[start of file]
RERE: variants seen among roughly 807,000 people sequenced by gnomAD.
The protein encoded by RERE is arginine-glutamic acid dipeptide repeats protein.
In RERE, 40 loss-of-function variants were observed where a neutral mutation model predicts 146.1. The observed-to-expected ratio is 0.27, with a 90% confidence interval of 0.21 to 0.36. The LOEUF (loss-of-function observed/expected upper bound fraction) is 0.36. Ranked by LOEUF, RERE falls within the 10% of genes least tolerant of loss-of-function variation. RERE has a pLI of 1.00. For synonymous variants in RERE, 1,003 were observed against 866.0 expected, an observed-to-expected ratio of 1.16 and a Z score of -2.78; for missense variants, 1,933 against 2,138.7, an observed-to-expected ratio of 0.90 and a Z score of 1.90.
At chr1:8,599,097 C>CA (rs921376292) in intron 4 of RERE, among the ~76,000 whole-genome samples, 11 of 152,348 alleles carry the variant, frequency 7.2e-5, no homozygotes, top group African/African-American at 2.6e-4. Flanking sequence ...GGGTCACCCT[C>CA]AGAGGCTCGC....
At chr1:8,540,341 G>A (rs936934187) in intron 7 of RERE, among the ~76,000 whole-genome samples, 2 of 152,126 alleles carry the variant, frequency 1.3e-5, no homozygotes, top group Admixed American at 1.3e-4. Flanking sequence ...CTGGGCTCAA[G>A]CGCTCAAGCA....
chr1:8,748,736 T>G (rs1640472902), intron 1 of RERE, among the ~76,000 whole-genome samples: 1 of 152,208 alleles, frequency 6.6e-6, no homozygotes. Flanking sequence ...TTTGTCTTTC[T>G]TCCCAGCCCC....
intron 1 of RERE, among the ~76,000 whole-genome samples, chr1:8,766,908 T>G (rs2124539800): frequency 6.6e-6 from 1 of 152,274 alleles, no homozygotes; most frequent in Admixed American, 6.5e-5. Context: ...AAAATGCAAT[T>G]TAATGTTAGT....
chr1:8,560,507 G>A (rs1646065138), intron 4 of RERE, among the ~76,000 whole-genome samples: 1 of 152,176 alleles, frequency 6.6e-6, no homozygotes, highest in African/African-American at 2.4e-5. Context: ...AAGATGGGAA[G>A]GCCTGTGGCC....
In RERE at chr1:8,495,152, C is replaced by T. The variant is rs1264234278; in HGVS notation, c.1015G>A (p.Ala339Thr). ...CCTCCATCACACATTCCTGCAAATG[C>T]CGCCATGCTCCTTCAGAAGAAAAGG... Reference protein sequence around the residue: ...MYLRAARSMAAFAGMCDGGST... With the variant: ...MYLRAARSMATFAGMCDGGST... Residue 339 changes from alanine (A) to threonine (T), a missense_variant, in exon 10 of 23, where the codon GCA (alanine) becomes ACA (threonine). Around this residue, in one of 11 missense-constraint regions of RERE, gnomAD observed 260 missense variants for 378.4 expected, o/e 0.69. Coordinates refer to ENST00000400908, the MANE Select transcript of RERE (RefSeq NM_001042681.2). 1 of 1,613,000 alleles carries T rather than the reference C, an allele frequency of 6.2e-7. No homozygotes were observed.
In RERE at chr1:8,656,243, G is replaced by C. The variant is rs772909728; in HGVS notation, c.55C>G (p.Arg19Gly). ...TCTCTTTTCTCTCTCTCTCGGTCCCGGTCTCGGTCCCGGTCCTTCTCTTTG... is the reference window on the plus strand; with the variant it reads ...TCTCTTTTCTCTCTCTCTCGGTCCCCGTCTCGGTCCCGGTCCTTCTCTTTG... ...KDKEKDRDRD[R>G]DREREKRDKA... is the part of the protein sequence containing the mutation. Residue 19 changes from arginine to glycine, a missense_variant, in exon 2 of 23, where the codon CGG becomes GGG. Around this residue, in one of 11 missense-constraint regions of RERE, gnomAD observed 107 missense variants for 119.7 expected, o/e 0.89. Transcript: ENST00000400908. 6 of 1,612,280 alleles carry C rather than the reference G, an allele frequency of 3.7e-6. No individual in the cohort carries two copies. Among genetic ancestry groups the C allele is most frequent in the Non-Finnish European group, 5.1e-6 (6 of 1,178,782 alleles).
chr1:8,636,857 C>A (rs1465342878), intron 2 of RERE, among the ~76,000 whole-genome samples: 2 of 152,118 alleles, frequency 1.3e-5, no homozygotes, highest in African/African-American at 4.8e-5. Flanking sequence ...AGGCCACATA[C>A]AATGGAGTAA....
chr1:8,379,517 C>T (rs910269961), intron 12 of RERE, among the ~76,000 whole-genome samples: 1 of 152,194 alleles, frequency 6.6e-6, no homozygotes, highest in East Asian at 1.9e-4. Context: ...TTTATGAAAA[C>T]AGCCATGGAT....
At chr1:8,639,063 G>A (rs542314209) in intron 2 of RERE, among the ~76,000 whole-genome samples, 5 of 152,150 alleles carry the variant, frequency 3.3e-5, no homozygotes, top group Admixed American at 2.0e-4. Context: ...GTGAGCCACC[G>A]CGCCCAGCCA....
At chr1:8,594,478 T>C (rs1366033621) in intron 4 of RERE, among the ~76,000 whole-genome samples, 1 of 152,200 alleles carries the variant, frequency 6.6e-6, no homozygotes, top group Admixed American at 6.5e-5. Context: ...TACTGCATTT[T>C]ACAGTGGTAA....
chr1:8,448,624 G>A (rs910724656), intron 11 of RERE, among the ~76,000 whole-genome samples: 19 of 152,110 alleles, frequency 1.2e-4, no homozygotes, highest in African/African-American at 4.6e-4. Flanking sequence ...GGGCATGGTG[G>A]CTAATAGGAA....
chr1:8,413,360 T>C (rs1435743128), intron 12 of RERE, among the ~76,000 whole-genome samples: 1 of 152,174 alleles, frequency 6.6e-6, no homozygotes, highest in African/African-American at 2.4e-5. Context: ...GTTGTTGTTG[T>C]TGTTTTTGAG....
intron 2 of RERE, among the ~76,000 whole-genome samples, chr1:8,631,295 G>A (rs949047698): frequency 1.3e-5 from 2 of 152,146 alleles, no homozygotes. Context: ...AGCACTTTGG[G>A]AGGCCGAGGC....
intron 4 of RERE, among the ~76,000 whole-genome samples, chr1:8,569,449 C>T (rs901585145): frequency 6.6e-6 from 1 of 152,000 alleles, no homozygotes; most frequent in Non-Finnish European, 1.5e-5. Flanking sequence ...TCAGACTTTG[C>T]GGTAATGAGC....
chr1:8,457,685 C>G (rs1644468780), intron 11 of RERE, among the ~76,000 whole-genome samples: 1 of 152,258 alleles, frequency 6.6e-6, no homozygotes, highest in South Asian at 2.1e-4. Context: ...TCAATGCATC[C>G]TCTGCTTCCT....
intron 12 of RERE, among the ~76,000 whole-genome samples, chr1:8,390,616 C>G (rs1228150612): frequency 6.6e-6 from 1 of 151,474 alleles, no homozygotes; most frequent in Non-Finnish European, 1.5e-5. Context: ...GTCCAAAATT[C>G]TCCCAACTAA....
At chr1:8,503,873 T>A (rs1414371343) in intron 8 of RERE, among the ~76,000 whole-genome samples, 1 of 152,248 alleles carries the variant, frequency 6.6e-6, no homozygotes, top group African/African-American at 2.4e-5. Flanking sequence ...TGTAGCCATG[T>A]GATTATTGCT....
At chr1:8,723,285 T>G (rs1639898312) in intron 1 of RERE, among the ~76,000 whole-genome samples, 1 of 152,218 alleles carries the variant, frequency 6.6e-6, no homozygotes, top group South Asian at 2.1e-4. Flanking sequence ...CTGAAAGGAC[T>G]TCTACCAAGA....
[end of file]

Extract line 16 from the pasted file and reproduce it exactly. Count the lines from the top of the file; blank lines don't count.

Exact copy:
chr1:8,413,360 T>C (rs1435743128), intron 12 of RERE, among the ~76,000 whole-genome samples: 1 of 152,174 alleles, frequency 6.6e-6, no homozygotes, highest in African/African-American at 2.4e-5. Context: ...GTTGTTGTTG[T>C]TGTTTTTGAG....